Opinion | Penal Code 1943, Article 534, at the heart of the uprising, by Ibrahim A, Lebanon

In 1943, Lebanon gained its independence from the French. Originally enacted by French colonizers, article 534 was put while drafting the new Lebanese constitution, stating that any ‘sexual intercourse against nature’ is a crime under the sovereignty of the Lebanese government, with a penalty of up to one-year imprisonment. Such a vague law with no clear definition of what lies within our perception of nature has been implemented ever since.
In 2011 and under the pressure of religious entities, the Lebanese government rejected recommendations to decriminalize consensual homosexual conduct. Although the US Department of State Human Rights Report had indicated that according to local non-governmental organizations (NGOs), few criminal prosecutions were carried out until 2013, the Lebanese Psychiatric Society released a strong statement denying assumptions that homosexuality arises from psychological disturbances. Nevertheless, no governmental policy was altered. Throughout 2014, policemen had been tracking gay men down, asking them to attend the police station and interrogating them with false accusations. The local NGO Helem condemned the arrest of 27 men that year over allegations pertaining to their sexual orientation. 
Later that year, a first happened in court where a judged had dismissed a claim concerning a transgender woman accused of having same-sex sexual relations with a man. Although such instances have been taking place since 2009, Lebanon is a civil law system not based on precedents and therefore negative judgements can still arise while the criminalizing legislation endures. Over the few following years and due to societal and official discrimination against the LGBTQ community, a lack of discrimination reporting arose from the fear of further discrimination. In 2017, Lebanon hosted its first pride celebration, the first of all Arab countries, despite numerous threats of violence. Beirut’s bars and exhibition centres buzzed with around 4,000 people attending concerts, talks and performances despite the persisting criminalizing law. Following pride celebrations as well as exhibitions and concerts by the LGBTQ community were shut down claiming that they offend public decency and other unjustified grounds. In the latest Lebanese elections, decriminalizing homosexual acts became the mainstay of several political parties running for election claiming that they will abrogate legal provisions that criminalize homosexuality if they gain majority after national elections. Well, they did not.  
In July 2018, a district court of appeal issued a groundbreaking decision, where it denounced the law’s discriminatory intrusion into people’s private lives, and declared that consensual sexual intercourse between people belonging to the same sex is not unlawful and in indeed natural.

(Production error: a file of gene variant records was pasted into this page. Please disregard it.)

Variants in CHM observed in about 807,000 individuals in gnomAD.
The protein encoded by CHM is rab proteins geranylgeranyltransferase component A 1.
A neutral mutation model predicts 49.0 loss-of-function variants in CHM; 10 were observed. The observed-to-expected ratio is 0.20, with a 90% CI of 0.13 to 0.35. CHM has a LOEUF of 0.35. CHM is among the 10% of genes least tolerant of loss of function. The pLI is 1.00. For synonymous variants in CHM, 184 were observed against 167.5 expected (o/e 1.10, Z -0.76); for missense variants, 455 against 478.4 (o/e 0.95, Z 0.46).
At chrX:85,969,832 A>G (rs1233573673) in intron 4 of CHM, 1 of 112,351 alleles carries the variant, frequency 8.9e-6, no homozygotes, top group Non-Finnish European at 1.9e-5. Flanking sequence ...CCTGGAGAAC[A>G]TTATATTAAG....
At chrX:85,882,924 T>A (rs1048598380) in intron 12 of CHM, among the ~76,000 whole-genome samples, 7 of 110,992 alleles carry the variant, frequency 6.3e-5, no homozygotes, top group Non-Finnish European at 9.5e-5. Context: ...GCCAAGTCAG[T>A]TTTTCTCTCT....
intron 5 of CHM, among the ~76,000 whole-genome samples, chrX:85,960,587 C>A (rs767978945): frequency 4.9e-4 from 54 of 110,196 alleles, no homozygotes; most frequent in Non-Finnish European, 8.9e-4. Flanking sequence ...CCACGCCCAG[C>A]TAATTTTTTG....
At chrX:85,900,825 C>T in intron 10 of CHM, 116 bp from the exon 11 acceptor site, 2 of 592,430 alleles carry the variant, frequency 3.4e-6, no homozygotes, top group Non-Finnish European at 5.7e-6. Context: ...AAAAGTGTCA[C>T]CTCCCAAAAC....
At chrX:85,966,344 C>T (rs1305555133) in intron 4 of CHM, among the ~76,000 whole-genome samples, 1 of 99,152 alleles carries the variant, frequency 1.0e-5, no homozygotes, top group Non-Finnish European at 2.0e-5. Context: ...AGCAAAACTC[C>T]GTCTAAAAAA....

As people spontaneously rallied the streets of Beirut on the 17th of October, 2019 demanding their basic human rights and protesting against governmental corruption, denouncing sexism, discrimination and homophobia, their voices were echoed throughout the city. These chants reflected defiance of the Lebanese uprising and certainly shifted the fight toward LGBTQ rights. From these protests emerged a novel profound openness of thinking that would put an end to all forms of social exclusion. Protests have gathered people from all the different walks of life creating a unique space for dialogue. Through sit-ins and open discussions, protestors increasingly shared their aspirations of a discrimination-free Lebanon with mutual respect. Rainbow flags were seen everywhere in the Lebanese capital right next to revolutionary slogans. According to several activists, changing attitudes towards stigmatizing sexuality commenced before protests took place and then found a new platform to rise to the surface with the community being at the heart of the uprising. Protestors were accused by the government of using the streets to advocate for homosexuality. Such accusations aimed not only to tarnish the uprising but also to spread hatred against gay people. Protestors, on the other hand, did not shy away, they stood ever firmly assuring their right to freedom, and claiming their visibility.
The protests had proved their efficacy when the Lebanese prime minister declared his resignation. Nevertheless, not much changed since the new government took charge. Following the announcement of the coronavirus pandemic and the consequent movement restrictions, new social media groups have emerged planning for a major comeback when the pandemic is over. Activists have formed new platforms in which they call for direct interventions on the policy and society levels once the revolution is reignited. As the economic situation has been successively reaching dead ends since the beginning of 2020, it is largely anticipated that even more people will raise their voices in the face of corruption. As members of the LGBTQ community, we look forward to whatever is coming. We have been making huge leaps towards a more just Lebanon and we are not moving back.

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